It’s been a long-running debate in academic research and the business press: Do companies benefit financially from having a marketing executive in the C-suite? A widely cited 2008 study, for example, found that the presence of a chief marketing officer has no effect on firm performance—contradicting a 2003 paper showing that these leaders boost sales growth. Then came a 2012 Forbes article proclaiming, “The CMO is dead.” The uncertainty plays out inside organizations themselves: According to a recent survey, two-thirds of CMOs feel pressured by the board or the CEO to demonstrate the value of marketing.
Seeking a once-and-for-all answer, a team led by Frank Germann, of Notre Dame, examined the question through a wider lens than those of previous studies. The researchers looked at 155 publicly traded U.S. firms across a broad range of industries, applying a variety of econometric models to analyze performance from 2000 to 2011. Their conclusion: Companies with a CMO perform 15% better, on average, than companies without one.
The researchers then wondered, Do some types of organizations benefit more than others? They found that three characteristics make a CMO’s presence especially valuable. One is robust sales growth. Previous studies have shown that high-growth firms are the most apt to benefit from generating and acting on customer-oriented information, so it stands to reason that having a CMO—in effect, a customer advocate in the C-suite—would disproportionately help those companies.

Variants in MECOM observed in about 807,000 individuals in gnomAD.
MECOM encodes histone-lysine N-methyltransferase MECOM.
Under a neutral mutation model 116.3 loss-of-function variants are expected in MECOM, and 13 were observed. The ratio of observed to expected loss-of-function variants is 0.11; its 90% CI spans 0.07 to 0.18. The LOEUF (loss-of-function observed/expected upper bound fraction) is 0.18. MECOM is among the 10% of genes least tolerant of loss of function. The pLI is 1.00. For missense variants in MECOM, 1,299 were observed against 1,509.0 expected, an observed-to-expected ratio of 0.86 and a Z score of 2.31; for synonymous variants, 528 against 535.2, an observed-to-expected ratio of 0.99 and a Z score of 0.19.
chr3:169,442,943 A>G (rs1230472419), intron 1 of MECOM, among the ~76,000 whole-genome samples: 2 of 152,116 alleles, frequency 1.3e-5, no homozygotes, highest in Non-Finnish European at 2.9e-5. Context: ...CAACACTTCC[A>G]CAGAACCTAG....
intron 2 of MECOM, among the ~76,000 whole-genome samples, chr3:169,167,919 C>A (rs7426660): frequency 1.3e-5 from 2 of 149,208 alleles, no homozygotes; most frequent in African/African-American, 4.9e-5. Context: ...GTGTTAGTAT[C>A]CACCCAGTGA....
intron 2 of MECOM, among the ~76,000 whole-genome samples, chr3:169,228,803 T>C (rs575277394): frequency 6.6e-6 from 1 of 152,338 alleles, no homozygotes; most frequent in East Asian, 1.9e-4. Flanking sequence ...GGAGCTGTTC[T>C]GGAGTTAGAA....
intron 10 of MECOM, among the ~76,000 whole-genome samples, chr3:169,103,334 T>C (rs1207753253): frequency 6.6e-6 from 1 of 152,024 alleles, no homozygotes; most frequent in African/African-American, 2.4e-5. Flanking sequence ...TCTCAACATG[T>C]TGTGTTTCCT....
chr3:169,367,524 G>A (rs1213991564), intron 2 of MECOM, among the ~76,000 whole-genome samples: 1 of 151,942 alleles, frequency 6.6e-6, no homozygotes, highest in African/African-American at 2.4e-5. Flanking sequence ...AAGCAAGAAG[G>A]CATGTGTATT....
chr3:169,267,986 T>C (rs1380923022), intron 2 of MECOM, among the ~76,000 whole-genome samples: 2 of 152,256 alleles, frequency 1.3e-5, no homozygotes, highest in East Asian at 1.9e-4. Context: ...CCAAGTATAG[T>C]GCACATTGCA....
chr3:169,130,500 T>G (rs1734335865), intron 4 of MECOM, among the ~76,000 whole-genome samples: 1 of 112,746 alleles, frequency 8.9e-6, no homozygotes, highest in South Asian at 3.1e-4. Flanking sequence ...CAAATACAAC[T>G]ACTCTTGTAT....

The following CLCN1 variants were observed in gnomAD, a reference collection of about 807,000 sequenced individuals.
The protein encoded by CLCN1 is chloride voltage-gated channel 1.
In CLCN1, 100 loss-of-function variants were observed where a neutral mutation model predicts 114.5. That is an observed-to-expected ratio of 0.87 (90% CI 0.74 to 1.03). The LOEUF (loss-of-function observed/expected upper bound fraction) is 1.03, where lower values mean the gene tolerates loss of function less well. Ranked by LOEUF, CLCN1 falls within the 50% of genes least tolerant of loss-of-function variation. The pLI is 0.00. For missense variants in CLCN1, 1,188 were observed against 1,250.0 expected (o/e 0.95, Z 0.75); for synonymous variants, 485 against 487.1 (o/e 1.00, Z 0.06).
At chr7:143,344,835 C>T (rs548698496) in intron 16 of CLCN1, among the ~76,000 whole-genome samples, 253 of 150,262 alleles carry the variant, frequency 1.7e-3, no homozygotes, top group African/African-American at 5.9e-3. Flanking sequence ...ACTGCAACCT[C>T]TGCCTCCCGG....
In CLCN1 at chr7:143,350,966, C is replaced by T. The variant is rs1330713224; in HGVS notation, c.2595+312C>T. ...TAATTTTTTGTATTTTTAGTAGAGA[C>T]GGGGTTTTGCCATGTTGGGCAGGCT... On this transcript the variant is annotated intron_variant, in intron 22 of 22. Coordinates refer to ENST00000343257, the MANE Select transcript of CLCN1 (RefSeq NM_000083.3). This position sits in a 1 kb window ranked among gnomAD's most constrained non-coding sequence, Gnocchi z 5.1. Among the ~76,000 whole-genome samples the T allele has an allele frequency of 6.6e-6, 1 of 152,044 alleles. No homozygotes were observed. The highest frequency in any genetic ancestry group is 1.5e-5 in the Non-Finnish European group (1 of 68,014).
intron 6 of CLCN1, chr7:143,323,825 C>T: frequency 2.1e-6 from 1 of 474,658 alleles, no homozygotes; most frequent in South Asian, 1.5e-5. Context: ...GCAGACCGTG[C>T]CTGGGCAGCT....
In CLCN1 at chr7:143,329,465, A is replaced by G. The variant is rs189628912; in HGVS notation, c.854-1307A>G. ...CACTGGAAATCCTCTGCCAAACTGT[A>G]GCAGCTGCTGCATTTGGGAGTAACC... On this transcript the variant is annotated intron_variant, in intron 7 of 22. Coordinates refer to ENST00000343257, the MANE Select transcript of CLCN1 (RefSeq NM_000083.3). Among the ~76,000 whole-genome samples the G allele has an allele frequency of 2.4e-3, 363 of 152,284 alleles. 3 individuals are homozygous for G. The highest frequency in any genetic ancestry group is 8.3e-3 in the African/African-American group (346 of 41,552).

The second characteristic is small firm size. That often means a relatively small senior management team, and the researchers posit that each member, including the CMO, then has more influence over strategy and direction. The third characteristic is short CEO tenure. Studies suggest that a chief executive’s power increases with time in office, so it may be that the CMO, like other top managers, has more impact when the CEO is fairly new.
Correlation isn’t causation, however, and Germann’s team warns that simply bringing a CMO on board won’t necessarily boost the bottom line. The research results may reflect the strength of companies’ overall marketing functions rather than CMO presence per se. “If firms employ a CMO, marketing is likely to play a more prominent role…and that could be the source of the performance effects,” the researchers write. Still, their findings could help quiet the debate and bolster the CMO’s clout at the strategy table.
About the Research:“The Chief Marketing Officer Matters!” by Frank Germann, Peter Ebbes, and Rajdeep Grewal